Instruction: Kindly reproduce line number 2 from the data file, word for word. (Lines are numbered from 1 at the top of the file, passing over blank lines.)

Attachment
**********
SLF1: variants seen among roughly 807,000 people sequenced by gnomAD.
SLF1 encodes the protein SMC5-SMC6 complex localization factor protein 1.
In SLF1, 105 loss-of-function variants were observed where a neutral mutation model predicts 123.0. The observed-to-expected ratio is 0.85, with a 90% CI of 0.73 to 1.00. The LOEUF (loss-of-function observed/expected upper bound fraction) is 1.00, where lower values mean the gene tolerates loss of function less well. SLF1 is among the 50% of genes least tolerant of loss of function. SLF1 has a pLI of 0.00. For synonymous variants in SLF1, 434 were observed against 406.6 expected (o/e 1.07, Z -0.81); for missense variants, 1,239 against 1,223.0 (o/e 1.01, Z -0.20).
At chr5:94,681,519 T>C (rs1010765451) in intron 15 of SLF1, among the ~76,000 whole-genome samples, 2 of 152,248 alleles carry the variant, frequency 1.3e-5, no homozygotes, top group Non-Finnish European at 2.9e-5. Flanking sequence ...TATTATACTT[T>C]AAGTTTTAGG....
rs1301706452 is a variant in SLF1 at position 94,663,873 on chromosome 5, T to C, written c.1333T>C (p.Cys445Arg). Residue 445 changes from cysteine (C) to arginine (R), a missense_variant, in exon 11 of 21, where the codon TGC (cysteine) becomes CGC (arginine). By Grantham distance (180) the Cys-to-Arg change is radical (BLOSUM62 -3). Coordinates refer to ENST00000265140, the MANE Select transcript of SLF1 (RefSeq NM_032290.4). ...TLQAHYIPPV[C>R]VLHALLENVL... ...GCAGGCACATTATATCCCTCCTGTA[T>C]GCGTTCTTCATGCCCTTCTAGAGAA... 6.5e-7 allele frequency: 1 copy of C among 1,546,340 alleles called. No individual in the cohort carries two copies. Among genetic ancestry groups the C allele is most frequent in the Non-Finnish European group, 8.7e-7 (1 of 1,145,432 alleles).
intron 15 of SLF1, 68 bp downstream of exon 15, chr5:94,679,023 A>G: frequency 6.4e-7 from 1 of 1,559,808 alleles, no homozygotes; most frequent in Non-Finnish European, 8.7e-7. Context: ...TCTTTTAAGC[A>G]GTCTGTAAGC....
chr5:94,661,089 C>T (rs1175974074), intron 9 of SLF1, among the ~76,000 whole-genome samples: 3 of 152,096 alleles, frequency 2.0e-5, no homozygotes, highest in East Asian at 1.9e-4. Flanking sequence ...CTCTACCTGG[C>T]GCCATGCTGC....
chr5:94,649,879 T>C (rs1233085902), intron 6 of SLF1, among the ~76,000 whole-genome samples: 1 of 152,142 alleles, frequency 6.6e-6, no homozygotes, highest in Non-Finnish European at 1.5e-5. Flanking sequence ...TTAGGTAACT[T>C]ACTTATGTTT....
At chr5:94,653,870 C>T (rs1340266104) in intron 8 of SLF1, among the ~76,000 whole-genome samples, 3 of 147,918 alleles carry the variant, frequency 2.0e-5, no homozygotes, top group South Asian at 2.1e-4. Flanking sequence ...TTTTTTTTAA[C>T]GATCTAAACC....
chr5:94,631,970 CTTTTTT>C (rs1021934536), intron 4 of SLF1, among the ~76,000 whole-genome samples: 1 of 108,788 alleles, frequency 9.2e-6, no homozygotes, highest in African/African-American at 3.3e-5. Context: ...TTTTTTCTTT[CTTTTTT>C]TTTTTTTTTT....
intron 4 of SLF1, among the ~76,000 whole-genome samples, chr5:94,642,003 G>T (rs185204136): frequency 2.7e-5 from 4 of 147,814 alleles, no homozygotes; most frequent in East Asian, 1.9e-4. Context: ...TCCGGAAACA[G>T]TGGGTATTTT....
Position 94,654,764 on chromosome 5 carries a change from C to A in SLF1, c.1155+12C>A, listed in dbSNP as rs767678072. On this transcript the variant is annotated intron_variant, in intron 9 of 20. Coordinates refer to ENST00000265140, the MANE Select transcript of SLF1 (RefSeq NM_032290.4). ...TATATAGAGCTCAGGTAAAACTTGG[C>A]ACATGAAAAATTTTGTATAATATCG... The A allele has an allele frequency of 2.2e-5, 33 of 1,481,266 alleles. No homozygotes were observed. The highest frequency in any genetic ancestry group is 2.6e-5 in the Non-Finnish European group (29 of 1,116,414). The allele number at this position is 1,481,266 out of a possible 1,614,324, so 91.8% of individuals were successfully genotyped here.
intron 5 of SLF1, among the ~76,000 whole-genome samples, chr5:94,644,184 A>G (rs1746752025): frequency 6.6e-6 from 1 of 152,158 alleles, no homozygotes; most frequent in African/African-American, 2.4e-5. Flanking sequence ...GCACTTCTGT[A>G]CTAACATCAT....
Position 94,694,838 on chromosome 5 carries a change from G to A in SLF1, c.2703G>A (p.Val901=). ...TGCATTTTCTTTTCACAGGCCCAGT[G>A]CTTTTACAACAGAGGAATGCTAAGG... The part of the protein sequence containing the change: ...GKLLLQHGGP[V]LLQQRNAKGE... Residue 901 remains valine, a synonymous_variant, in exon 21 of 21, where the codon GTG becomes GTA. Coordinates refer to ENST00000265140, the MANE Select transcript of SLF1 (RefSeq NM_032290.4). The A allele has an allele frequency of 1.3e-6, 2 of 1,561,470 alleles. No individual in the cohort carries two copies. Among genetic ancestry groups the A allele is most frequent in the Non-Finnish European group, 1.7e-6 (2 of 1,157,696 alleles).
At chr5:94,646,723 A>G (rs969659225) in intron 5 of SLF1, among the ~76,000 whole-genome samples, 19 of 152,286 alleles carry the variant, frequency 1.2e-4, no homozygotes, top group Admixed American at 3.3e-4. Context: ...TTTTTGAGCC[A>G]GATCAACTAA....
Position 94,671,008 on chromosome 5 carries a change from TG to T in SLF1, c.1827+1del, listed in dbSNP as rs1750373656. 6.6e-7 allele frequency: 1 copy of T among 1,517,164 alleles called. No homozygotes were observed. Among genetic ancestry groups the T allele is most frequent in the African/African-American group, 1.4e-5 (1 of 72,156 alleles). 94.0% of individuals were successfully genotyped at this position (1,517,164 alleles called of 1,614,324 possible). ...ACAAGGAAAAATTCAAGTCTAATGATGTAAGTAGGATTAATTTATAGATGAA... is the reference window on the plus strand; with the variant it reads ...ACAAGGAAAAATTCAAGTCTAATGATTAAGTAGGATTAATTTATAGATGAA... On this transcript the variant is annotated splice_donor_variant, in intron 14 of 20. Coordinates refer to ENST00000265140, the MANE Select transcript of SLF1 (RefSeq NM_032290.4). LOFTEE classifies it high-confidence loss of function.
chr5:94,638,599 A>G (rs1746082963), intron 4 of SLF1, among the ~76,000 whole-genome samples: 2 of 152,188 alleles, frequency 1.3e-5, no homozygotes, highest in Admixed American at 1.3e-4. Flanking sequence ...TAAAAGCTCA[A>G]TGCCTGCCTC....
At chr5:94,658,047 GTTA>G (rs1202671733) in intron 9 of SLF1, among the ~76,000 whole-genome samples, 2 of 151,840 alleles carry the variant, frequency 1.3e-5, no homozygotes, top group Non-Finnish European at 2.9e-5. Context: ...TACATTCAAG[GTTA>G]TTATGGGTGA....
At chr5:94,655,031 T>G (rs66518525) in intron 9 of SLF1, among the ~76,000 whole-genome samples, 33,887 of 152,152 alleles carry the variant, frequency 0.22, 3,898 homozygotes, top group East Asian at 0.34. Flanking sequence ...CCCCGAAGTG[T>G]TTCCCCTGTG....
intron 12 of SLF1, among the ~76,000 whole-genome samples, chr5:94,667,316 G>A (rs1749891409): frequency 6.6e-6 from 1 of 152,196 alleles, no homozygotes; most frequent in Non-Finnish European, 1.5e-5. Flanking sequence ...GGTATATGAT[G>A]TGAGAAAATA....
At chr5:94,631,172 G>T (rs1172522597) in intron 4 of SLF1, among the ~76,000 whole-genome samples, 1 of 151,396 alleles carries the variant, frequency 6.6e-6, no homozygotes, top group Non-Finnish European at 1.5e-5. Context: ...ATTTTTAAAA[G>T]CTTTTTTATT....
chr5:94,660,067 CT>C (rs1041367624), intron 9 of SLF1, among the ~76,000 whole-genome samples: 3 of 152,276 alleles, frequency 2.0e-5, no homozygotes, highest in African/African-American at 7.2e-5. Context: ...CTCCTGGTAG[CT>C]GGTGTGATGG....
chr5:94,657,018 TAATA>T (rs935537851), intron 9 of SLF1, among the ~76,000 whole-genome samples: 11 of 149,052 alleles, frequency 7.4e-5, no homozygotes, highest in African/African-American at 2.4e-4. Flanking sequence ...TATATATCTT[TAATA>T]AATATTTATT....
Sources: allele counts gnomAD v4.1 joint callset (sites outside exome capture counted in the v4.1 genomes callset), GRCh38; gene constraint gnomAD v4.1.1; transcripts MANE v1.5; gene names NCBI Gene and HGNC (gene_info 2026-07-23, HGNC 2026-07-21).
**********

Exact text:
SLF1 encodes the protein SMC5-SMC6 complex localization factor protein 1.